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Starbucks has recently launched Teavana-forward outlets in Hong Kong this summer, featuring open designs, botanical touches and brand new flavours. This comes alongside a number of green initiatives that the coffee-chain giant have also begun to push in the city, including a collaboration with collapsible mug company Stojo and ditching plastic items. Starbucks’ shift towards greener practices is reflective of a trend in responsible consumerism and increased awareness about health and wellness which has taken off in Asia.
After the initial debut of Teavana menu items three years ago, Starbucks is now opening two new locations of the brand, dubbed ‘Teavana Bar’ in Kwun Tong’s APM mall, as well as a Teavana Kiosk in Tsim Sha Tsui’s iSQUARE mall, both of which will also feature the brand’s full menu of coffee and other drinks. While the Kwun Tong location features an open interior, copper accents, plant themed fittings and 8 new tea concoctions, iSQUARE’s Teavana Kiosk will be a grab-and-go service.
Starbucks is innovating to accommodate Hong Kong and Asian consumers’ changing tastes for healthier, lighter and fresher options. One of the latest flavours offered by Teavana was borne out of an innovation challenge involving 60 mixologist partners earlier this year. The competition winner, Novan, created the bar’s drink Guava Youthberry Tea with Fig and Aloe. Other new beverages on Teavana’s menu also feature fruit-and-flower based ingredients such as include Lychee Earl Grey and the Peach Virgin Mojito.
Commenting on business strategies in Asia, Tom Birtwhistle from PwC Hong Kong told the SCMP that “retailers and restaurants – whether mass market or niche – need to constantly change winds as consumer trends shift.”
Hong Kongers are not just looking for healthier options, but greener ones too. Mintel’s latest report on consumer trends in the Asian Pacific region indicated that alongside a focus on wellbeing, people are increasingly aware about plastic pollution and want to see businesses taking plastic-free initiatives.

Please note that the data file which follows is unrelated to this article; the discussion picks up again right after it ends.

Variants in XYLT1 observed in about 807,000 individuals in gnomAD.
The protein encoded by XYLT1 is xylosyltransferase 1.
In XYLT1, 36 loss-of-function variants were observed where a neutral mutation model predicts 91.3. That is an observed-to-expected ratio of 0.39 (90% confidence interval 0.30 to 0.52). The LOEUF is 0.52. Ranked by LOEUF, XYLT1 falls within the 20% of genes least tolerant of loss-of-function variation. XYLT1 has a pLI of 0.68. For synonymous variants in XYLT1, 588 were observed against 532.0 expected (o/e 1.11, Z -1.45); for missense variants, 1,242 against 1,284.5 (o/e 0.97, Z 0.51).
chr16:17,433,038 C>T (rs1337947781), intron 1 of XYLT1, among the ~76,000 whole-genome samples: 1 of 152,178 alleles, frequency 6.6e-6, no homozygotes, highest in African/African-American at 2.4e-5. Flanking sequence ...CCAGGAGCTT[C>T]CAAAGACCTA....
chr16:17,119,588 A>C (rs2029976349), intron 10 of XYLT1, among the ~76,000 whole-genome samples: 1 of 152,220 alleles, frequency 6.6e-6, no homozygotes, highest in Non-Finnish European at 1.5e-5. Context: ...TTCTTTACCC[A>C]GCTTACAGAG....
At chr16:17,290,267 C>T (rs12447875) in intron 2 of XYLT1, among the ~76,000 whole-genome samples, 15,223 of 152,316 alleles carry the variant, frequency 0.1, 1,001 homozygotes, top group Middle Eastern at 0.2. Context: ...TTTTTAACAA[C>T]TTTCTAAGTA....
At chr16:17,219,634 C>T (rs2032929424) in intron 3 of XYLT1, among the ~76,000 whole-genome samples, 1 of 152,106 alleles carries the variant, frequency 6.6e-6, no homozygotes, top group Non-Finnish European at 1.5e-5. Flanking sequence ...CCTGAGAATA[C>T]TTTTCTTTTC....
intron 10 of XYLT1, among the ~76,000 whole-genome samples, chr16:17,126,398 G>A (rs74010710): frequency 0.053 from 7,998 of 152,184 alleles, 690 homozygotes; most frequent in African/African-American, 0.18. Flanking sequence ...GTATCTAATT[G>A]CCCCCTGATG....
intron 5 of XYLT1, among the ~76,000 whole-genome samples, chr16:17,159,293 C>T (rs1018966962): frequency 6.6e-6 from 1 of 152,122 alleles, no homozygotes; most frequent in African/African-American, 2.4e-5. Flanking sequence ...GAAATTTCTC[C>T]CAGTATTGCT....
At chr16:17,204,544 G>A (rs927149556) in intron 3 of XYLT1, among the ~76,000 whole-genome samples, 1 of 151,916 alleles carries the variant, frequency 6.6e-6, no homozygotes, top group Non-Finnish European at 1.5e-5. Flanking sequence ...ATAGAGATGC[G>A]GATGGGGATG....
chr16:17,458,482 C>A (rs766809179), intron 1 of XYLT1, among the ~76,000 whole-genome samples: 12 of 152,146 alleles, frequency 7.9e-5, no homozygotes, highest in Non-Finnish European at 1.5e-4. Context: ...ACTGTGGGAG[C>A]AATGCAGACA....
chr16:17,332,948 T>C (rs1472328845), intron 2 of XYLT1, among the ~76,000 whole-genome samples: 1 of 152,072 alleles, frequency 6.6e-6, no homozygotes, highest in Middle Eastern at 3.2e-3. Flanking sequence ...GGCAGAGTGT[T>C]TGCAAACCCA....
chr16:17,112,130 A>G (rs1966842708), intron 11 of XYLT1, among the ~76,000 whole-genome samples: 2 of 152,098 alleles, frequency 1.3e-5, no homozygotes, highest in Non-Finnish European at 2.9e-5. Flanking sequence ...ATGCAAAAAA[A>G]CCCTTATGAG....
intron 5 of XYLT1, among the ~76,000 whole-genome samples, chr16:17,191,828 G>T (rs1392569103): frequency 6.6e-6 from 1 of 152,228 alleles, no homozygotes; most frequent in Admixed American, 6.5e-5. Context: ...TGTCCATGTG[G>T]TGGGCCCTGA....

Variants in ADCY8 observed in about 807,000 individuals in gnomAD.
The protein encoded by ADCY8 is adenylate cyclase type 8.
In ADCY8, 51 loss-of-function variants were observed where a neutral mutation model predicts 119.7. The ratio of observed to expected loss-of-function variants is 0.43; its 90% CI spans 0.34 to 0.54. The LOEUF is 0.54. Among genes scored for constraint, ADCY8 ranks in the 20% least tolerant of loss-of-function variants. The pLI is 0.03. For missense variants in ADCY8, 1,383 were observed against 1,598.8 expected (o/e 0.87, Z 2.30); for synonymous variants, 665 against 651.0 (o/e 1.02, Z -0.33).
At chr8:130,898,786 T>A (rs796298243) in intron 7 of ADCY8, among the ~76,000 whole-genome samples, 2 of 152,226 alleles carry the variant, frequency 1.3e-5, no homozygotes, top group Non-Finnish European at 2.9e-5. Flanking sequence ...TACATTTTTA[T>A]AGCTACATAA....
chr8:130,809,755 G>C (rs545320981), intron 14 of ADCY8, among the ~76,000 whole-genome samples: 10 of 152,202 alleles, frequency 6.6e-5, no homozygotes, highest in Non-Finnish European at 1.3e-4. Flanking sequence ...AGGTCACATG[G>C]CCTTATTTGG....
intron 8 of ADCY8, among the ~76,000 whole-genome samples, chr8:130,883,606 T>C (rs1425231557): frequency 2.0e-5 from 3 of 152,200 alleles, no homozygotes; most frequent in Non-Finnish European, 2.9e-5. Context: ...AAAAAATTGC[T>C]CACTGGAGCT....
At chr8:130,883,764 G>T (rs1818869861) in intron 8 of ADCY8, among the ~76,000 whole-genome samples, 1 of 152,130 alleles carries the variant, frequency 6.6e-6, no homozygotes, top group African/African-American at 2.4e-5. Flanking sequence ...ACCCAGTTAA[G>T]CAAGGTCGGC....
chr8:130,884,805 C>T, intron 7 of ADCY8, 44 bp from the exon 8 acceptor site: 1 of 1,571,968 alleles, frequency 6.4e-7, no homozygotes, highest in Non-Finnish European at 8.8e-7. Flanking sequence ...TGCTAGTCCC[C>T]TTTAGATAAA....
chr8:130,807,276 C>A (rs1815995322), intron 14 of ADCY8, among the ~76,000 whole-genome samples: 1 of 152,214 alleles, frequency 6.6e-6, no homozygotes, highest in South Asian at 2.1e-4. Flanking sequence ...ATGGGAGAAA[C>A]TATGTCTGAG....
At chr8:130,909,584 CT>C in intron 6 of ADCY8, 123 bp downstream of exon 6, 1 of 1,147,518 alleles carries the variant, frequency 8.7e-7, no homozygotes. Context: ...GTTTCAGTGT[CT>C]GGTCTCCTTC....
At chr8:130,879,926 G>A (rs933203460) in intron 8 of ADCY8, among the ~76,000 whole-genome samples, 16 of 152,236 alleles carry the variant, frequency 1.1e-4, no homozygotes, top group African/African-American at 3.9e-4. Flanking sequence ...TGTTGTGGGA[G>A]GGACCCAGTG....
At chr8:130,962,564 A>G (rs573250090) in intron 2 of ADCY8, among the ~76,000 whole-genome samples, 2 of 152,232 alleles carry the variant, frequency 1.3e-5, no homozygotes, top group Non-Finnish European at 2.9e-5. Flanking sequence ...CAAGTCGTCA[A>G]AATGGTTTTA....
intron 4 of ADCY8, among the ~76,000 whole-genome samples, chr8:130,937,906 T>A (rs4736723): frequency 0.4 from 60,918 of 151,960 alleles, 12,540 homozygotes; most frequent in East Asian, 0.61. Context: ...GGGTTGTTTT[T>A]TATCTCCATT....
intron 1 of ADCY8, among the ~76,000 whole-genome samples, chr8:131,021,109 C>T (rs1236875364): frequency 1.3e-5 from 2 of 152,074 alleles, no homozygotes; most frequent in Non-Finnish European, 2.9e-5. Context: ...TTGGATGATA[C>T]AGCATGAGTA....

It is therefore unsurprising that Starbucks has unveiled a range of sustainable campaigns in the city this summer. In April, the chain introduced a pledge to reduce plastic waste by ditching plastic straws and stirrers for paper based ones, and launching a line of titanium straw sets in their retail section. They have also partnered up with reusable collapsible travel mug company Stojo to encourage customers to BYOC (Bring Your Own Cup).
But while these are positive steps for the environment, it is important to think about whether the chain is engaging in greenwashing, a case that many eco-activists have made. Indeed, there is nothing wrong with companies becoming more environmentally friendly in order to stay relevant to changing consumer tastes in sustainability, but they must also remain accountable to their claims. As Asian consumers become increasingly attuned to the health and wellbeing of their own bodies and the planet, we hope that more businesses respond and take genuine strides to make impactful change.
Aug 26 2019: This article was updated to correct standalone stores to Teavana-forward stores.
Lead image courtesy of Starbucks HK.